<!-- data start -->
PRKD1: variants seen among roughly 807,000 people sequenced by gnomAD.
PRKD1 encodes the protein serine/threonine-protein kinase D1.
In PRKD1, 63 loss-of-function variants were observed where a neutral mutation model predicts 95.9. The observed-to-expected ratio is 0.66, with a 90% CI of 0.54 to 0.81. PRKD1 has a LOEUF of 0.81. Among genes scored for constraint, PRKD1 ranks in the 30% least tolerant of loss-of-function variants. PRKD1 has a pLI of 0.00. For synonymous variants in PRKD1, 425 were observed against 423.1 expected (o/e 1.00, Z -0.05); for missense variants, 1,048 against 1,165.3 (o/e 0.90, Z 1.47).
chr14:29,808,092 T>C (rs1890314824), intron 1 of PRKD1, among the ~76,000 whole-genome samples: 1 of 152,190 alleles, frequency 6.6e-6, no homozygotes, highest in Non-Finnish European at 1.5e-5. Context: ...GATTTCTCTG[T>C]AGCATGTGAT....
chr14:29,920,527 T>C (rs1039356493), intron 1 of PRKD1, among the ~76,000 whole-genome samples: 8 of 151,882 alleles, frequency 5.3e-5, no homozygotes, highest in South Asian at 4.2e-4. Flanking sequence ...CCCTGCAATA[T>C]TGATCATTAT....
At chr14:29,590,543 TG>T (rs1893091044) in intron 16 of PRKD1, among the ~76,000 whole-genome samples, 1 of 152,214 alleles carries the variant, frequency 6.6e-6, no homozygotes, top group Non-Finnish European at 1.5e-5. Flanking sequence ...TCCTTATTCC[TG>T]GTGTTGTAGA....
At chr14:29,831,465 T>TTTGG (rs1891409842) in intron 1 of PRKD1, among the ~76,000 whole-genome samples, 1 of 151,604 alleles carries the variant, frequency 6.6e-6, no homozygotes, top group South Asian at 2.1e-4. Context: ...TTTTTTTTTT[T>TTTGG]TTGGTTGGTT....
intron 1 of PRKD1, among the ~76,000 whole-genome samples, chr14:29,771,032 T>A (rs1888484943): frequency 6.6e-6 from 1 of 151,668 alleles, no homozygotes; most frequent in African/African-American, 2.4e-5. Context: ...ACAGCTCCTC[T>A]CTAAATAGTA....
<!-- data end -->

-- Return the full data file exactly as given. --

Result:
PRKD1: variants seen among roughly 807,000 people sequenced by gnomAD.
PRKD1 encodes the protein serine/threonine-protein kinase D1.
In PRKD1, 63 loss-of-function variants were observed where a neutral mutation model predicts 95.9. The observed-to-expected ratio is 0.66, with a 90% CI of 0.54 to 0.81. PRKD1 has a LOEUF of 0.81. Among genes scored for constraint, PRKD1 ranks in the 30% least tolerant of loss-of-function variants. PRKD1 has a pLI of 0.00. For synonymous variants in PRKD1, 425 were observed against 423.1 expected (o/e 1.00, Z -0.05); for missense variants, 1,048 against 1,165.3 (o/e 0.90, Z 1.47).
chr14:29,808,092 T>C (rs1890314824), intron 1 of PRKD1, among the ~76,000 whole-genome samples: 1 of 152,190 alleles, frequency 6.6e-6, no homozygotes, highest in Non-Finnish European at 1.5e-5. Context: ...GATTTCTCTG[T>C]AGCATGTGAT....
chr14:29,920,527 T>C (rs1039356493), intron 1 of PRKD1, among the ~76,000 whole-genome samples: 8 of 151,882 alleles, frequency 5.3e-5, no homozygotes, highest in South Asian at 4.2e-4. Flanking sequence ...CCCTGCAATA[T>C]TGATCATTAT....
At chr14:29,590,543 TG>T (rs1893091044) in intron 16 of PRKD1, among the ~76,000 whole-genome samples, 1 of 152,214 alleles carries the variant, frequency 6.6e-6, no homozygotes, top group Non-Finnish European at 1.5e-5. Flanking sequence ...TCCTTATTCC[TG>T]GTGTTGTAGA....
At chr14:29,831,465 T>TTTGG (rs1891409842) in intron 1 of PRKD1, among the ~76,000 whole-genome samples, 1 of 151,604 alleles carries the variant, frequency 6.6e-6, no homozygotes, top group South Asian at 2.1e-4. Context: ...TTTTTTTTTT[T>TTTGG]TTGGTTGGTT....
intron 1 of PRKD1, among the ~76,000 whole-genome samples, chr14:29,771,032 T>A (rs1888484943): frequency 6.6e-6 from 1 of 151,668 alleles, no homozygotes; most frequent in African/African-American, 2.4e-5. Context: ...ACAGCTCCTC[T>A]CTAAATAGTA....